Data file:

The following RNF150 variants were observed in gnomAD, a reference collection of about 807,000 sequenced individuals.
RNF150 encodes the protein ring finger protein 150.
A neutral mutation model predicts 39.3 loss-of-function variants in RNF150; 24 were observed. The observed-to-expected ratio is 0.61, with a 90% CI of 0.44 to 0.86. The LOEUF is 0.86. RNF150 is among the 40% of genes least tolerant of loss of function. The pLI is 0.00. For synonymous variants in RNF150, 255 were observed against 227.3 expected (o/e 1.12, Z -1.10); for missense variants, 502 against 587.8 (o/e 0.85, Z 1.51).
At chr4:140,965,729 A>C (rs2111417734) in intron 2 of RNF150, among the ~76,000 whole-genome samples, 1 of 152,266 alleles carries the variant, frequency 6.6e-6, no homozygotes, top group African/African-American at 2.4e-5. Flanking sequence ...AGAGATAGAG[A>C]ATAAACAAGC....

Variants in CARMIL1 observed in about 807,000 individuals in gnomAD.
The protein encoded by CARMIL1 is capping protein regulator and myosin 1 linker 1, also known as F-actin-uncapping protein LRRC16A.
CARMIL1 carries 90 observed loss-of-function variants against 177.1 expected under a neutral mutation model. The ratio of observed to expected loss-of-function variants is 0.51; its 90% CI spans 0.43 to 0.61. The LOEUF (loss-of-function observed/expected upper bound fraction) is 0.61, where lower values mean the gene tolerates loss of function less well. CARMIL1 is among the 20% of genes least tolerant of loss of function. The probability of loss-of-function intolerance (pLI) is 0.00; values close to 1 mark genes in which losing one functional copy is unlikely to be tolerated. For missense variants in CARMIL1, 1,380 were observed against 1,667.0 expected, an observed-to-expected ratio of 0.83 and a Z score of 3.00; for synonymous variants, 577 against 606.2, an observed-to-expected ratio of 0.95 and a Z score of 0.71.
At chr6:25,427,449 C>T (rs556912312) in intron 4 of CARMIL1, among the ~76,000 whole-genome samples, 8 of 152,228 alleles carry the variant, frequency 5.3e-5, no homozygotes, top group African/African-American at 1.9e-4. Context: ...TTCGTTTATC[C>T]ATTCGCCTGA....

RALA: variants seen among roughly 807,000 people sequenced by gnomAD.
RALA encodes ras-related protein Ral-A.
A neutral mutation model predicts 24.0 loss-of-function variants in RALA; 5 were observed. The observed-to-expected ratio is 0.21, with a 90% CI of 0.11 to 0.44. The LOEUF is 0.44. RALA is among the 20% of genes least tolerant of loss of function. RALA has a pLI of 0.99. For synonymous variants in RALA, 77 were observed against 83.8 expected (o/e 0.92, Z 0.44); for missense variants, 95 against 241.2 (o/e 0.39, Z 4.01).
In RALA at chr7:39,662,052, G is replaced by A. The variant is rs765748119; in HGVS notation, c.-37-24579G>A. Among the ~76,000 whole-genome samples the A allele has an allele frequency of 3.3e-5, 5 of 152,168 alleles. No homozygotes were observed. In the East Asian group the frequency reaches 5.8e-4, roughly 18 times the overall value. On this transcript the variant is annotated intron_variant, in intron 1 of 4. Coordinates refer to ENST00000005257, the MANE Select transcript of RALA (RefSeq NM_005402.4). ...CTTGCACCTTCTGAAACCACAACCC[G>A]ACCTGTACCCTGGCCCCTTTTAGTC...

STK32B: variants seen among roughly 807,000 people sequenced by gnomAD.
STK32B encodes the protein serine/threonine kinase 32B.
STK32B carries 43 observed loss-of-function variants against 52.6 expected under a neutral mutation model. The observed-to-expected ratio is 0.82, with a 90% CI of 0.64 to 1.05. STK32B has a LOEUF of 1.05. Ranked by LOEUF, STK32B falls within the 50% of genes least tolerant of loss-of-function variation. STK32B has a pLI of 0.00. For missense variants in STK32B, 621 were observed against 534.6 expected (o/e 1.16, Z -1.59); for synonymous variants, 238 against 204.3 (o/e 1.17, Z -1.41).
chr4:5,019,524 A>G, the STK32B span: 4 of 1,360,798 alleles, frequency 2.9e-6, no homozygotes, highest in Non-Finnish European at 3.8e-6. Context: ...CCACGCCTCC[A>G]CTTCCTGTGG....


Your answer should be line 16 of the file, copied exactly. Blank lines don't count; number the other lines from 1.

chr4:5,019,524 A>G, the STK32B span: 4 of 1,360,798 alleles, frequency 2.9e-6, no homozygotes, highest in Non-Finnish European at 3.8e-6. Context: ...CCACGCCTCC[A>G]CTTCCTGTGG....